Now that you have signed up for the HPDE, you need to get your car ready.

Download the Technical Inspection Sheet from (where you initially registered). If you are getting your car tech’d at Bluegrass (they do this for free for our two DE events), they will already have forms for you. If you are having the car tech’d at another shop, you will need to bring the form with you and the person performing the inspection must sign, date and stamp (form states: …”Porsche mechanic or other person authorized by the Region to conduct such an inspection”. It’s best to have it done at the dealership or another Porsche shop.

The tech inspection must be performed at most a month prior to the event. If you will be doing a lot of driving (and potentially wearing your tires or brakes), it might be best to get the car inspected the week prior to the event.


You can perform these checks yourself, prior to the inspection, and any deficiencies can be corrected at the dealership. The two biggest are typically tires and brakes. Here’s what the tech is going to look at. Any deficiencies must be corrected before your inspection is completed.

WHEELS & TIRES – The wheels should be round without any dents or damage to the mounting surface. The tires should be in good condition. The tread should be above the wear bars. No cords or belts should show. Flat tires repaired with plugs should not be used as these could fail under the high stress of track conditions. Hubcaps or beauty rings should be removed. They can come off causing a dangerous situation for you & other students.

STEERING & SUSPENSION – Check the wheel bearings by grabbing the tire & trying to move the wheel from side to side. There should not be any play or clunking sounds. The front wheels should move when you turn the steering wheel. There should not be any excess play.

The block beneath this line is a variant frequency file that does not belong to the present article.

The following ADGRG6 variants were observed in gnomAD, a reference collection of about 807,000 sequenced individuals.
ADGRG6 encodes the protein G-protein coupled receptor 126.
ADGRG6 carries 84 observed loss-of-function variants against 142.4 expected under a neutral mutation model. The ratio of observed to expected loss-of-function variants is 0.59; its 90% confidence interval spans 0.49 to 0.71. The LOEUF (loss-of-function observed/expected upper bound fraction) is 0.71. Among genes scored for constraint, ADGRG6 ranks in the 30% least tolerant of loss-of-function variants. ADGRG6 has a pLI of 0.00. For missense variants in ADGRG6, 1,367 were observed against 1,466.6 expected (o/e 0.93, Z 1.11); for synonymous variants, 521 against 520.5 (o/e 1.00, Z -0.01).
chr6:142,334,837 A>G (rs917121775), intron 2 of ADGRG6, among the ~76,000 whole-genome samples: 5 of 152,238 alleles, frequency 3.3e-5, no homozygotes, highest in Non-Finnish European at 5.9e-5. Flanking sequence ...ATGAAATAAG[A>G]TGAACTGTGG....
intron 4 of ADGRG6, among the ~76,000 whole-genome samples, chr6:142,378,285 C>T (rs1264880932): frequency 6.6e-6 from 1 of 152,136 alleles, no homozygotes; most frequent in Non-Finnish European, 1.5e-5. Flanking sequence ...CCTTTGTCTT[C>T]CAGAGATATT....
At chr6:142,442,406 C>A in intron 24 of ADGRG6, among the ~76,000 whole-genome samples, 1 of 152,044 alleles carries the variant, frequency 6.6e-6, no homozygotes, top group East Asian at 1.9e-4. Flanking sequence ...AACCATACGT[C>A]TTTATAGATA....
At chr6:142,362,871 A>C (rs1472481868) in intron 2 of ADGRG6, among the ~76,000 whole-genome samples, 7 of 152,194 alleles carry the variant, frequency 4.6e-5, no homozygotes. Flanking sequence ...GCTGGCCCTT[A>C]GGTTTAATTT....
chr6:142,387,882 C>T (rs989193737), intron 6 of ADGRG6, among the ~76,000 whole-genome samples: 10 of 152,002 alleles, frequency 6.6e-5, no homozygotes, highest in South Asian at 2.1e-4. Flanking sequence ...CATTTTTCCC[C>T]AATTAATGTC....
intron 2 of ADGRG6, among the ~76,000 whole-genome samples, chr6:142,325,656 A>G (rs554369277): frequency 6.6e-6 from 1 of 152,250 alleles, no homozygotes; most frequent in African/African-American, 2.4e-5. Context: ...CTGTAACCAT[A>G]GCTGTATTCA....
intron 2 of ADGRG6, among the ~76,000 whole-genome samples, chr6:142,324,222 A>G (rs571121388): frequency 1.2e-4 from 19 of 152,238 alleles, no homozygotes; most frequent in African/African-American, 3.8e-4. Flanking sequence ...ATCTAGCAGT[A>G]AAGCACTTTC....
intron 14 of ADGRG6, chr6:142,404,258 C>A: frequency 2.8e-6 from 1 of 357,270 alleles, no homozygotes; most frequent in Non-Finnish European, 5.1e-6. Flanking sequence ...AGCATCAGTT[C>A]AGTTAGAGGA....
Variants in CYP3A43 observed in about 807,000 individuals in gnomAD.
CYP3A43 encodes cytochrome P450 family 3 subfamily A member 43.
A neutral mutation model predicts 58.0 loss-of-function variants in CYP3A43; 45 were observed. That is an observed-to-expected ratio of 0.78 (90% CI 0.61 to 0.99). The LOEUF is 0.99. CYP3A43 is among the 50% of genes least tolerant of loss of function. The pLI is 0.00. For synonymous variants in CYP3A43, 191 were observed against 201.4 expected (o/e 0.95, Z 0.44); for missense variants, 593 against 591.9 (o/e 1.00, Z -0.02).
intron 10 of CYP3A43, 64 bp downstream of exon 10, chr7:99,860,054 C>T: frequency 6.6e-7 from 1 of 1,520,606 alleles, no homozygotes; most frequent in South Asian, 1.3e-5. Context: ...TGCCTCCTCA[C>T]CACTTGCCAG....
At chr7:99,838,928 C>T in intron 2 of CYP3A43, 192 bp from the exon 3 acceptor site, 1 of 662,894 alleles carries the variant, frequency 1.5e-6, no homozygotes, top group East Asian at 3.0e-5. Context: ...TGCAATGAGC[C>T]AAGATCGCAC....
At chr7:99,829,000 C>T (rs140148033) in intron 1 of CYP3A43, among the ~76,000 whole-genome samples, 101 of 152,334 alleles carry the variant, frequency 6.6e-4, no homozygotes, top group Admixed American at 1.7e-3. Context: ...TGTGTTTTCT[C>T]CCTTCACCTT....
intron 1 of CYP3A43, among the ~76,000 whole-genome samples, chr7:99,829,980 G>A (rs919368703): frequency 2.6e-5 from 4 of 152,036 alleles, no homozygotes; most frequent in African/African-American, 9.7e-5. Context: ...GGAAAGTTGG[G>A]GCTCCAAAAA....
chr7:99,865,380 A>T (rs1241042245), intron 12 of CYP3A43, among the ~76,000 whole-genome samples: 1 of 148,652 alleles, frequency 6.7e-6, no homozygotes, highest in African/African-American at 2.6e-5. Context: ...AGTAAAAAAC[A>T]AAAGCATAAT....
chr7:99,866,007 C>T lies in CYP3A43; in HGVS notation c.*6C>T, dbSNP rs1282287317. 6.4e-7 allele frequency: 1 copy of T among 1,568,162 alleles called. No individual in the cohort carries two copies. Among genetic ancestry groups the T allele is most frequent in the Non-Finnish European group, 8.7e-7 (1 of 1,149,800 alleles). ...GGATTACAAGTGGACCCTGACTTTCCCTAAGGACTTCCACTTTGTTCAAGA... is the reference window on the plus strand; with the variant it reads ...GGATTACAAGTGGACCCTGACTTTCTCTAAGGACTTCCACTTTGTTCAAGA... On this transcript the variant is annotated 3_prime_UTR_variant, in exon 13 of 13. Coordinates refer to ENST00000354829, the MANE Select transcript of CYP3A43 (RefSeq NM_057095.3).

ENGINE – The engine should not have any leaks that will allow liquids to fall onto the track. These fluids will cause slippery conditions on the track. This includes radiator fluid (antifreeze) which is very slippery. The battery should be secured with two (2) bolts. The battery terminals should be covered to prevent any arcs in case of accidental contact.

BRAKES – The brake system should be in good working order with no leaks in the system. The brake lines should not have any cracks. The brake fluid should be clear & at the maximum level. The pads should have plenty of life left in them, as the high speeds on the track will wear them out faster than the street. The brake lights should function properly.

SAFETY EQUIPMENT – Seatbelts must be in good condition. Factory seatbelts are OK. Cars without fixed roofs are required to have roll bars or, the manufacturer installed roll over protection. Boxsters and 911 Cabriolets come with those protections already installed. If you a roll bar into another car, it must pass the “broom” test: “The broomstick test reveals clearance for your helmet clad head while sitting in the driver’s seat with a broomstick” (or similar device) set atop the roll bar and the windshield frame”